DETAILED DESCRIPTION Referring to the drawings, and particularly to FIG. 1, a ballpen tip 1 is made of a suitable plastic composition material such as, for example, an acetal resin, the tip being manufactured by conventional injection molding means. The shape of the tip, after molding, is best illustrated in FIGS. 2 and 3. Thus, the outer or exit end of tip 1 is formed with an embracing portion 2 for a steel ball 8, and this embracing portion includes a recess communicating with ink flow-out grooves 3 in turn communicating with an ink flow-out aperture or passage 4 at their inner ends. The inner surface 7, extending from the ink exit opening 5 of ball-embracing portion 2 to the inner part 6 thereof, is so undercut as to form an inversely tapered portion diverging inwardly at an angle a between 1 and 5. Thus the internal diameter of the opening 5 is smaller than that of the inner part 6. The ball-pen tip of the above mentioned shape is molded by the metal dies and apparatus as shown in FIG. 4.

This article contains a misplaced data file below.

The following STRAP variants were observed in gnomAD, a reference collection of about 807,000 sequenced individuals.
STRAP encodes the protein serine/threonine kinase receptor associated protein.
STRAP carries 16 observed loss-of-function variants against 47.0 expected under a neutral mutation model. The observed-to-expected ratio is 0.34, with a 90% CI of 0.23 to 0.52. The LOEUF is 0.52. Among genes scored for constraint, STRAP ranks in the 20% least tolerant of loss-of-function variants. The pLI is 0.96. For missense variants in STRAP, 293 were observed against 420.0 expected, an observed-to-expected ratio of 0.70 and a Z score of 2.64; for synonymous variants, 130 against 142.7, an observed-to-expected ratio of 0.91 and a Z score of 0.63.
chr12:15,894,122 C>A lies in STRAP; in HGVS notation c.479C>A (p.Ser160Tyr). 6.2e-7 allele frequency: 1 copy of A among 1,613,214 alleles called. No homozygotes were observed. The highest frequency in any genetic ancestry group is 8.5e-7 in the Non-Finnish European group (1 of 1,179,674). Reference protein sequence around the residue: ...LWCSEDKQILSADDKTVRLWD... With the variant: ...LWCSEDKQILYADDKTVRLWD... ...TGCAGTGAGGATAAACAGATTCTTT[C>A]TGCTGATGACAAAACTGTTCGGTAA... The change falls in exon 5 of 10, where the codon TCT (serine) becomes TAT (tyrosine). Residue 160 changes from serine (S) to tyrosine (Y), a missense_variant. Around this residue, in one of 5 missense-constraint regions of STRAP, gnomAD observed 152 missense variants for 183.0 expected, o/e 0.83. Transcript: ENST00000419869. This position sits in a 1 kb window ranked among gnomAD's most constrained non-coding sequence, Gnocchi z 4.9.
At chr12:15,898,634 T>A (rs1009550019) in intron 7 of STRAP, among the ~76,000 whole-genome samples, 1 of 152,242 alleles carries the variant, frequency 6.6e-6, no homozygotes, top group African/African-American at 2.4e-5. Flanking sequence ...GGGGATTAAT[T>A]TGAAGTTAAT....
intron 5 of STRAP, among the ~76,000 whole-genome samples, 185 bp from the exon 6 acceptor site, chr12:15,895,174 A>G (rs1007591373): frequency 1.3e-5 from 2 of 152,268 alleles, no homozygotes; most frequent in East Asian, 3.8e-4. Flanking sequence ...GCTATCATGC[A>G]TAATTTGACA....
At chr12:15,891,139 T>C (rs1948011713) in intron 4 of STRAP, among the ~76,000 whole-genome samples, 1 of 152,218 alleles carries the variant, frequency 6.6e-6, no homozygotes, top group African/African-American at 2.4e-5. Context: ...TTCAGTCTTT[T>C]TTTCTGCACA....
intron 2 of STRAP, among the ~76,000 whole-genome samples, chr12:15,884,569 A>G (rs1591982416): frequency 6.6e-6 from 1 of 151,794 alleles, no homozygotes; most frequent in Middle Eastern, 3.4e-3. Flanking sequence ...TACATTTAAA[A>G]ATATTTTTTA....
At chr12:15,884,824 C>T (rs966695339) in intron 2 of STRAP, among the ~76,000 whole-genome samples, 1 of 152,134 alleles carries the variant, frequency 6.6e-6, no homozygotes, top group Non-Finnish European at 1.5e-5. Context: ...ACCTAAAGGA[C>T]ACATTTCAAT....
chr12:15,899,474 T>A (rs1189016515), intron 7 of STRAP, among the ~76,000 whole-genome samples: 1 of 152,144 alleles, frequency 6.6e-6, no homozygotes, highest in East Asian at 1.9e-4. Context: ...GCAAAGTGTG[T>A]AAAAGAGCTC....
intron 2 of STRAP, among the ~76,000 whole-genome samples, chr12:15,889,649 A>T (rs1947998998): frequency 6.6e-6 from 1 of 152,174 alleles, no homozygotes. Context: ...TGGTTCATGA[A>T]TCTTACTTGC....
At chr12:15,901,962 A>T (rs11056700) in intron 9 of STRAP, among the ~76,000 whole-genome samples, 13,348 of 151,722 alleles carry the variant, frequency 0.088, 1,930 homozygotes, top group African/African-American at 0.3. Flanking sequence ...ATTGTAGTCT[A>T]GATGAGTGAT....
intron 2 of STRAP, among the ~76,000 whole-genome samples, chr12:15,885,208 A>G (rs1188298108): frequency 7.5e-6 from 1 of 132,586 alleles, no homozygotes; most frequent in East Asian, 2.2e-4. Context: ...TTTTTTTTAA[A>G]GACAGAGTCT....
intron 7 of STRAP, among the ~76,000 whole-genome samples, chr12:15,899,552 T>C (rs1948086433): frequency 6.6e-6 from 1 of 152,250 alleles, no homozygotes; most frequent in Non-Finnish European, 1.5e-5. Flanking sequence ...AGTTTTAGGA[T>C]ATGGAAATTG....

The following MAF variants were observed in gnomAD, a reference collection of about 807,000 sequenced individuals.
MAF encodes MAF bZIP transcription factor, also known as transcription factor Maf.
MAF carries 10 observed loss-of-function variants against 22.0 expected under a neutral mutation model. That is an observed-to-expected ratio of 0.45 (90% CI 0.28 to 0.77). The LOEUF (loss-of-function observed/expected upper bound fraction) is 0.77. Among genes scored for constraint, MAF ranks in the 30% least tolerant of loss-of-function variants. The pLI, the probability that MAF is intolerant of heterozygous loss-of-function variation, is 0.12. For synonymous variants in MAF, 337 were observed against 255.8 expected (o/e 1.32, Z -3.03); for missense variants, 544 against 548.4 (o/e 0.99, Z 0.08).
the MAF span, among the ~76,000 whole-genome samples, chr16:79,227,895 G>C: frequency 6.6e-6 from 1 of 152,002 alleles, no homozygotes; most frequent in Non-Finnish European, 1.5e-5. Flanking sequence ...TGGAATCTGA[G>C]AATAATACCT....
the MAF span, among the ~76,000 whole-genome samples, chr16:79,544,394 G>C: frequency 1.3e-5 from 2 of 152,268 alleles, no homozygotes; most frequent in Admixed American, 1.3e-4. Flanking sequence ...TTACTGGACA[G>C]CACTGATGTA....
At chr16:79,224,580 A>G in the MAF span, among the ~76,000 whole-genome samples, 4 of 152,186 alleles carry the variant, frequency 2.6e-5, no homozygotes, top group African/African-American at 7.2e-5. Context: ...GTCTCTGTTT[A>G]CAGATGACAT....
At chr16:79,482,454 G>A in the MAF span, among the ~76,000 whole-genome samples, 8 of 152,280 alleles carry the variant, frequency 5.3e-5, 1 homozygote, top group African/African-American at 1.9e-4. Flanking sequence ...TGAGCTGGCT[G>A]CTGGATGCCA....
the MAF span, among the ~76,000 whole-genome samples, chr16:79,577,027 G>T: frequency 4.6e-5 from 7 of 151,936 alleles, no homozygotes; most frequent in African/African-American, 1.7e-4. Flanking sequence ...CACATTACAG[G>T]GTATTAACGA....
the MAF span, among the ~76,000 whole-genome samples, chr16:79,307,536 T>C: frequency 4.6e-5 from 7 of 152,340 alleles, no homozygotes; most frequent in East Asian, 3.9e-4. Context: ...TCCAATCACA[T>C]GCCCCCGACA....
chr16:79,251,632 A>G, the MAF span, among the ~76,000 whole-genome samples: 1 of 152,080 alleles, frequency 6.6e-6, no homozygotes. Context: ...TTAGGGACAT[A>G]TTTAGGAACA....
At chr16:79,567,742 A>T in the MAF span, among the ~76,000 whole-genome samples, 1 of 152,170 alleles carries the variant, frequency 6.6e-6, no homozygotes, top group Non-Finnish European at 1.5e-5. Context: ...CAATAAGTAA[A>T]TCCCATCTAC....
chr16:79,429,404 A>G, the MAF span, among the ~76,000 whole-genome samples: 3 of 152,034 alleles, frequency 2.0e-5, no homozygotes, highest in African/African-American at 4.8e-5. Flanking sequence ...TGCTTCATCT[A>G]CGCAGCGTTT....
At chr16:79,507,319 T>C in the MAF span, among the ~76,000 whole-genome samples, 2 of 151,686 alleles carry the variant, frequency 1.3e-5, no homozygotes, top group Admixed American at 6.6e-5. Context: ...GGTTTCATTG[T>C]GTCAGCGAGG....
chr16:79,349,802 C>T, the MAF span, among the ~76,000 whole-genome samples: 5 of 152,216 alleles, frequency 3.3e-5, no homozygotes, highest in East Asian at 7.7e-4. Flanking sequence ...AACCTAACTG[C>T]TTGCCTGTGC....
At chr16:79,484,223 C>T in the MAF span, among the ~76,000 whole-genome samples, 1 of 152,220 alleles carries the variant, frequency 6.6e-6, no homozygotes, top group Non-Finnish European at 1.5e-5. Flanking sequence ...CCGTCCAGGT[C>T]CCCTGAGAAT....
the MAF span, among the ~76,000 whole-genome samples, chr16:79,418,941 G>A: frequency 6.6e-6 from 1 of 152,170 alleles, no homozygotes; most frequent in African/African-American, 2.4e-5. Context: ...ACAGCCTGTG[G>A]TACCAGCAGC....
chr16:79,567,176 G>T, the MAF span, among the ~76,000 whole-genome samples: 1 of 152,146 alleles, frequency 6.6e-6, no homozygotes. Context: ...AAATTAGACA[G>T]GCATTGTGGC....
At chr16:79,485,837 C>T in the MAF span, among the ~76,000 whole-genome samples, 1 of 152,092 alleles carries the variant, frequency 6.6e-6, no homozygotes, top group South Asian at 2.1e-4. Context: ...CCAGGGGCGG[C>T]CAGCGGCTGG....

Referring to FIG. 4, the injection molding apparatus includes a backing plate 9 for a core pin 17 insertable into a mold cavity member 18 mounted in a positioning plate 12, a positioning plate 10 fixing the lateral position of core pin 17. The core pin is inserted through a guide plate 11. A second backing plate 16 is provided for a shouldered core pin 14 also insertable into the cavity 21 of mold cavity member 18 in substantial alignment with the inner end of core pin 17. A plate 15 laterallypositions core pin 20, and the core pin is inserted through a guide plate or block 14 and through a mold gate member 13 serving to retain mold cavity member 18 in plate or block 12. Mold gate member 13 includes a passage 19 for injection of molding material into the cavity 21 to fill that portion of the cavity not occupied by the pins 17 and and also to fill that portion of plate 13 not occupied by the pin 20. The tip of the inner end of core pin 17 is formed as an arrow head in axial section to define the recess in the ball embracing portion 2 of tip 1.